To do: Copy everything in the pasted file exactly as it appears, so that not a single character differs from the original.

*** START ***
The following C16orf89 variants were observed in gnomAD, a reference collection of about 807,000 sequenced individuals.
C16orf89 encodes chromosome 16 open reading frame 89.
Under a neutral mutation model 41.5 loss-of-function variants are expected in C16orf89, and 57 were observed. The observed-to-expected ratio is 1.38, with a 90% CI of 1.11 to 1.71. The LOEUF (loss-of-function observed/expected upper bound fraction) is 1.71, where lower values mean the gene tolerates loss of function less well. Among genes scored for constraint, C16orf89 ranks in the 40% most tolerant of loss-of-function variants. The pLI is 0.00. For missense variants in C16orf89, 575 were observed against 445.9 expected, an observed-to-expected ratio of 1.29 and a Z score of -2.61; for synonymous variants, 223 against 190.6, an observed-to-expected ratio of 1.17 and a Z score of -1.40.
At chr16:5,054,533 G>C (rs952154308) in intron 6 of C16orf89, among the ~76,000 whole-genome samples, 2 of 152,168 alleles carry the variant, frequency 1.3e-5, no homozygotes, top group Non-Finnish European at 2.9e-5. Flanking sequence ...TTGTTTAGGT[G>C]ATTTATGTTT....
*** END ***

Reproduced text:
The following C16orf89 variants were observed in gnomAD, a reference collection of about 807,000 sequenced individuals.
C16orf89 encodes chromosome 16 open reading frame 89.
Under a neutral mutation model 41.5 loss-of-function variants are expected in C16orf89, and 57 were observed. The observed-to-expected ratio is 1.38, with a 90% CI of 1.11 to 1.71. The LOEUF (loss-of-function observed/expected upper bound fraction) is 1.71, where lower values mean the gene tolerates loss of function less well. Among genes scored for constraint, C16orf89 ranks in the 40% most tolerant of loss-of-function variants. The pLI is 0.00. For missense variants in C16orf89, 575 were observed against 445.9 expected, an observed-to-expected ratio of 1.29 and a Z score of -2.61; for synonymous variants, 223 against 190.6, an observed-to-expected ratio of 1.17 and a Z score of -1.40.
At chr16:5,054,533 G>C (rs952154308) in intron 6 of C16orf89, among the ~76,000 whole-genome samples, 2 of 152,168 alleles carry the variant, frequency 1.3e-5, no homozygotes, top group Non-Finnish European at 2.9e-5. Flanking sequence ...TTGTTTAGGT[G>C]ATTTATGTTT....